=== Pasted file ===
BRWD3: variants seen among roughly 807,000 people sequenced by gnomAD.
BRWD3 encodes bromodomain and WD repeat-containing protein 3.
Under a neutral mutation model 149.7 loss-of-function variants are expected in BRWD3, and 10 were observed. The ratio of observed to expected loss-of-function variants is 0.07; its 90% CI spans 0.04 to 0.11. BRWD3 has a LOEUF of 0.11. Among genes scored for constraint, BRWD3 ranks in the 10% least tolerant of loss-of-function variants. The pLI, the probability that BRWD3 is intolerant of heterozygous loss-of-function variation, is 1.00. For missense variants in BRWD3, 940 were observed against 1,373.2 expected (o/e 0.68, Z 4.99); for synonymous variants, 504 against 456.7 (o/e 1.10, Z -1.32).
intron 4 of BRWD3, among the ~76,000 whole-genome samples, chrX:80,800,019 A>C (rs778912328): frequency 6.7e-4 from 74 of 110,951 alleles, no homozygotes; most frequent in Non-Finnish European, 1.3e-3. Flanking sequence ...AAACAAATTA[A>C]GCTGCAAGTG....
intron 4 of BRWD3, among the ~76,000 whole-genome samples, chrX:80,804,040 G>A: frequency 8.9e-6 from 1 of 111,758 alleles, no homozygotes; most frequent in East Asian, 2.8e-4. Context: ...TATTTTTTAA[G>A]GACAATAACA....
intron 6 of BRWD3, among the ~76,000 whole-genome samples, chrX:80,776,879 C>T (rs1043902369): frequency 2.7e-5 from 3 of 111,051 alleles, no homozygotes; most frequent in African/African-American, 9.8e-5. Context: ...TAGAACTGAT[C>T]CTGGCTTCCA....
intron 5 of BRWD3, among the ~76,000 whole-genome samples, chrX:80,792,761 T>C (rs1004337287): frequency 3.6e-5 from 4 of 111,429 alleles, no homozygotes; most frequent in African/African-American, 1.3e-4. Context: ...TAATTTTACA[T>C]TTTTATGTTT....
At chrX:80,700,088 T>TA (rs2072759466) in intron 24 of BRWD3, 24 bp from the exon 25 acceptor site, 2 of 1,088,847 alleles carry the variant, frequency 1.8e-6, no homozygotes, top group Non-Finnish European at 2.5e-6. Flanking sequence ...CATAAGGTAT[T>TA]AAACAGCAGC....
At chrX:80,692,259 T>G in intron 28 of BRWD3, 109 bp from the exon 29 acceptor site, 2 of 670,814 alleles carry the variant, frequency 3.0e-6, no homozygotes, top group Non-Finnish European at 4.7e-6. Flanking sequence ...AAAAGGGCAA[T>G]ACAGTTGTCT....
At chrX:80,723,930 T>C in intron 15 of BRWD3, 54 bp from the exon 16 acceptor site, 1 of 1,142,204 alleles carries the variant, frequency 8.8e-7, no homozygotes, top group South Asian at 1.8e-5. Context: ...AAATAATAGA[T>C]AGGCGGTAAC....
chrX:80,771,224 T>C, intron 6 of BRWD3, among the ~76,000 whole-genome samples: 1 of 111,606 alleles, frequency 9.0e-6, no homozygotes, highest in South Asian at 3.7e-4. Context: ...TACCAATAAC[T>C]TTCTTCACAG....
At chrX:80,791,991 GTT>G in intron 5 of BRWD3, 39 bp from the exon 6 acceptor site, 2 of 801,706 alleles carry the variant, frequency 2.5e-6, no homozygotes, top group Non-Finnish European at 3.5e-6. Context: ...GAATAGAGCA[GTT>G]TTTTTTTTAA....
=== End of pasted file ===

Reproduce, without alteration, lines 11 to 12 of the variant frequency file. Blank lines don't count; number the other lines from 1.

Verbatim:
chrX:80,771,224 T>C, intron 6 of BRWD3, among the ~76,000 whole-genome samples: 1 of 111,606 alleles, frequency 9.0e-6, no homozygotes, highest in South Asian at 3.7e-4. Context: ...TACCAATAAC[T>C]TTCTTCACAG....
At chrX:80,791,991 GTT>G in intron 5 of BRWD3, 39 bp from the exon 6 acceptor site, 2 of 801,706 alleles carry the variant, frequency 2.5e-6, no homozygotes, top group Non-Finnish European at 3.5e-6. Context: ...GAATAGAGCA[GTT>G]TTTTTTTTAA....